The Deacon

Deacon puppet
a) Originally known as the Ultramorph, this final incarnation of the Prometheus mutations was always intended to be a missing link of sorts between this film and the films of the Alien series. Effectively the unholy offspring of all the infected victims who came before it. Ridley Scott dubbed this creature the Deacon, based on the pointed shape of its head, similar to a Bishop's hat.

b) This thing would represent the beginning of Giger's alien, although it did not directly resemble the creature. They went through a long design process with Ridley, who was really wanted something as good as Giger's design, and they were trying to see what they could come up with.

c) Ivan Manzella has been established as one of the key sculptors along with Julian Murray. Together they created the deacon sculpture over a weekend late in the production schedule and they went to a fill-sized sculpt. Ridley came in several times to give them feedback and direction, and they ended up with a creature about the size of a six-year old child

d) Scanlan's team built two versions of the deacon, a soft puppet that fit inside an embryonic sac, and an articulated  rod puppet, both produced in silicone. Supervising mold modeler Daniel Meaker compressed the soft puppet into a three-foot-diameter latex bal­loon, and then added a mixture of metallic and organic based pigments and silicone birth matter. The balloon fit inside a hollow animatronic dummy of the dead Engi­neer, which Vanessa Bastyan and Catherine Fleming fabricated with an articulated ribcage and internal organs. Puppeteers operated the Engineer dummy from beneath the set, causing the body to convulse and emit the newborn.


e) The Deacon's pointed head burst through the ribcage and split it open. Then with an enormous heave, it rolls out onto the floor like a calf being born. They they brought in the rod puppet,  which had a lot of visible controls, but Ridley loved it. He ignored the technicalities and just went with it.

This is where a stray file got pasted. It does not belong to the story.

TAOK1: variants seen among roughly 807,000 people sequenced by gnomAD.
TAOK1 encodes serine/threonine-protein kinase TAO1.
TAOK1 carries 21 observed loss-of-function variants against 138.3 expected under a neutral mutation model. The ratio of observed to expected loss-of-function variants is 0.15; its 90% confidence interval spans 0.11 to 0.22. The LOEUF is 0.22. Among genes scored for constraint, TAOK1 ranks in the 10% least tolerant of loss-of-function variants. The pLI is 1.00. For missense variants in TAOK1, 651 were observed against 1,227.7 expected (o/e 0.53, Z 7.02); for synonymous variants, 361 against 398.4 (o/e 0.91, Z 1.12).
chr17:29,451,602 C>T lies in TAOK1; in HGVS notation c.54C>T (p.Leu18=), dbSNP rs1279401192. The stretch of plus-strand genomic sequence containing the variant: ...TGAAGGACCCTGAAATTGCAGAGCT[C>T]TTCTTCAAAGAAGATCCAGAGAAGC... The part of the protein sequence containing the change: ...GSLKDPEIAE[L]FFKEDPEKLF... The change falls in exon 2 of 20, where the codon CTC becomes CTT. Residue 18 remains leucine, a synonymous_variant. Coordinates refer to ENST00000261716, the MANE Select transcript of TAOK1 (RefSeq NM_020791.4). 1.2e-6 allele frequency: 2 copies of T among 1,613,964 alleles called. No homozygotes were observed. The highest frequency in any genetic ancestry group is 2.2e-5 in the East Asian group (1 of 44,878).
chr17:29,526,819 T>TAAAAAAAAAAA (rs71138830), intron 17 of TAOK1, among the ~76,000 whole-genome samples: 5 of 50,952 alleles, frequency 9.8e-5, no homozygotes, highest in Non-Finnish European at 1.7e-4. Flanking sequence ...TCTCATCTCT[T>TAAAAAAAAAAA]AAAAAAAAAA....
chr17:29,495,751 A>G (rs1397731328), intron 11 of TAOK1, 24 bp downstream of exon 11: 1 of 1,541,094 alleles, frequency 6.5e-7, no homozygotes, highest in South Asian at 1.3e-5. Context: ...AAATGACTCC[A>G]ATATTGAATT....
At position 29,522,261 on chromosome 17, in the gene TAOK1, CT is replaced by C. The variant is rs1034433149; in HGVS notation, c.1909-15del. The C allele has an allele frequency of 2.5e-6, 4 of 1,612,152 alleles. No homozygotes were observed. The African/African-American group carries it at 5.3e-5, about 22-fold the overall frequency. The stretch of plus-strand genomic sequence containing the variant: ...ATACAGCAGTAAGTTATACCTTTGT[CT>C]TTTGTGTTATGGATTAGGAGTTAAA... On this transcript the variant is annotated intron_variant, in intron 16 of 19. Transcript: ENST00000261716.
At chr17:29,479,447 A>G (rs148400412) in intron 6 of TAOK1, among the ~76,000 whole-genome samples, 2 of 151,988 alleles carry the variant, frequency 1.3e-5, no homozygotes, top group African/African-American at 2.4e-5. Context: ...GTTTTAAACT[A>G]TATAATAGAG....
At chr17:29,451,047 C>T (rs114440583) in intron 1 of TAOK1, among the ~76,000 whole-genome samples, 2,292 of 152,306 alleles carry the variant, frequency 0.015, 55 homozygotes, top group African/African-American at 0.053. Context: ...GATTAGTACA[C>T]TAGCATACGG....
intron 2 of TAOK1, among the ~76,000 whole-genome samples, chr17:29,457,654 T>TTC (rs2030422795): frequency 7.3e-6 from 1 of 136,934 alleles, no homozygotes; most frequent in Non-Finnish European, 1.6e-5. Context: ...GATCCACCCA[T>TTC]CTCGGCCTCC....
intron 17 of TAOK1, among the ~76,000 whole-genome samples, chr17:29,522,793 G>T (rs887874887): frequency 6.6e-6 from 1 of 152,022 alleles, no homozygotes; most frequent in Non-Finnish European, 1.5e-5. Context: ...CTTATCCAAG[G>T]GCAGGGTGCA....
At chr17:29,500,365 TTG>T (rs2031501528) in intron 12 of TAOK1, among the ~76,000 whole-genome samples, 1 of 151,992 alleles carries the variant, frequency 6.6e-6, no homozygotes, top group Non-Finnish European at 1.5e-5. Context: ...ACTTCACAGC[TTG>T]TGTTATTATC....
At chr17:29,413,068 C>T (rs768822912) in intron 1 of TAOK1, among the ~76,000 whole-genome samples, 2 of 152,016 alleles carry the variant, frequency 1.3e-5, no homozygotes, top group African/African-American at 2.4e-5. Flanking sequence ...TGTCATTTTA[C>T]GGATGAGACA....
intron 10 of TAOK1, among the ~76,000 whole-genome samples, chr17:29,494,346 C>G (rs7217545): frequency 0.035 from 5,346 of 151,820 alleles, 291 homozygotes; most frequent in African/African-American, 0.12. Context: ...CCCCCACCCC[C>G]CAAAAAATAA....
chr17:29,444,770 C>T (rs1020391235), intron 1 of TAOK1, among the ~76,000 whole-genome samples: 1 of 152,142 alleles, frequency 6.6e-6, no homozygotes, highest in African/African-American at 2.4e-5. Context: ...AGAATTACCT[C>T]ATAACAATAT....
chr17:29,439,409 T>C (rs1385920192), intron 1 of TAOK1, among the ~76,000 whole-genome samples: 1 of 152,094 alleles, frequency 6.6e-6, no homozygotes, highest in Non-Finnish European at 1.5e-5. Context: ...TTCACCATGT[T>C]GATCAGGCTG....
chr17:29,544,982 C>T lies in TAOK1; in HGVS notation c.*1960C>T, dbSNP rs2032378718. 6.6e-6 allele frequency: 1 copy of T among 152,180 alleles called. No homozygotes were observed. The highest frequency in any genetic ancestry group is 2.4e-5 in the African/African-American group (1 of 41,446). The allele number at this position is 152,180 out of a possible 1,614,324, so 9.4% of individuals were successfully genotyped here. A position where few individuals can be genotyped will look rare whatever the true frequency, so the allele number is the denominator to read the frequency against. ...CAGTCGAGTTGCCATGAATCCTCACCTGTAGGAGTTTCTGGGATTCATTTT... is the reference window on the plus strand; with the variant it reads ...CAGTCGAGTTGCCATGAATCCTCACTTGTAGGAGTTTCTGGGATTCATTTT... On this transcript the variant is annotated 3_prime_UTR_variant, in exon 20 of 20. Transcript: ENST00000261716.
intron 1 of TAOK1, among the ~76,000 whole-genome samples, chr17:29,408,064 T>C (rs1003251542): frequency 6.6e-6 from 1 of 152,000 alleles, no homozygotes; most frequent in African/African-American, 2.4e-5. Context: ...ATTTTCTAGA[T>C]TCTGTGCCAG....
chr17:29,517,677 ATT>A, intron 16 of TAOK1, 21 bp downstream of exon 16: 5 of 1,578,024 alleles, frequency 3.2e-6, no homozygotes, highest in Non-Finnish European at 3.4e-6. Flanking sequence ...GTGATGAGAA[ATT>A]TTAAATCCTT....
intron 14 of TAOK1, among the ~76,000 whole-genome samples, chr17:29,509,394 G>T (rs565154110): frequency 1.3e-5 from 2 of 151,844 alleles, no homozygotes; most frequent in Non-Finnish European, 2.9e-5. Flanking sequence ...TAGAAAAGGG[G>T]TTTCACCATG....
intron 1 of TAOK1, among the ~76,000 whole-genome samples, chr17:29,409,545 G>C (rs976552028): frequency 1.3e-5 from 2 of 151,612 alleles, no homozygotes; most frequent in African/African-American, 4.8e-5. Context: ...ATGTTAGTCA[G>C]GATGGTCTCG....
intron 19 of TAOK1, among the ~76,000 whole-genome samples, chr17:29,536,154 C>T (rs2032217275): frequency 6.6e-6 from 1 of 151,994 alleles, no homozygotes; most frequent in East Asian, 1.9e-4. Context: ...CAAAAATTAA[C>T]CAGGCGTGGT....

f) Richard Stammers staged clean plates of the deacon camera setups, but the birth played mainly as a practical effect with digital enhancement. The first shot after the birth is practical,  but with digital rod removal. With the puppert serving as blocking for performance, they matched the CO animation to the puppet. Weta replicated the deacon and augmented tendons in the creature's neck, which tense as the creature stands on fragile legs and then emits a roar, revealing a telltale second inner jaw based on the long protrusible jaw of the deep sea Goblin Shark, the Deacon's secondary jaw ends the film with the nightmarish hint of possible horrors to come.

g)  Ridley actually wanted the secondary mouth animation to reference the action of a goblin shark, which can dislocate it’s jaw and launch it forward to catch its prey. They needed to redesign the whole mouth and lower jaw to give the structure to build in the mechanics of this action. For this they went back to reference Giger’s original work and added in his details, which their sculpting team led by Florian Fernandez designed.

h) The deacon’s skin is slightly pearlescent. They wrote a custom shader for the way the pearlescense reacts with the light. There is also a layer of blood, mucus and liquid all over the skin, which gave them a layered shading model to get the complexity of the material qualities of the skin. The lighting was a continuation of the strobing lighting and was carefully matched to the clean plates by leads Florian Schroeder and Adam King

The Deacon maquette

i) In a version of the script by Jon Spaihts, Alien: Engineers, as the Ultamorph, after Shaw and she impales impales an Alien creature's skull with a diamond bladed saw and kills it.  This creature would be renamed in the scripts as the Deacon and quite possibly would be said to be a creature filling out a different role from that of the earlier intended Ultramorph. It is said in the picture gallery in the Prometheus Blu-Ray set that the Deacon creature was originally intended to have more screen time, pursuing Shaw and David to the second Juggernaut ship, narrowly missing them as they leave the planet at least not showing how easy it was to kill.

j) Deacon Blues
The final Deacon creature for some reason is coloured blue. We might think about the band Deacon Blue with the name inspired by the song title Deacon Blues by Steely Dan, and that song also contained the name Crimson Tide (See: Abstract connections with blue deacon)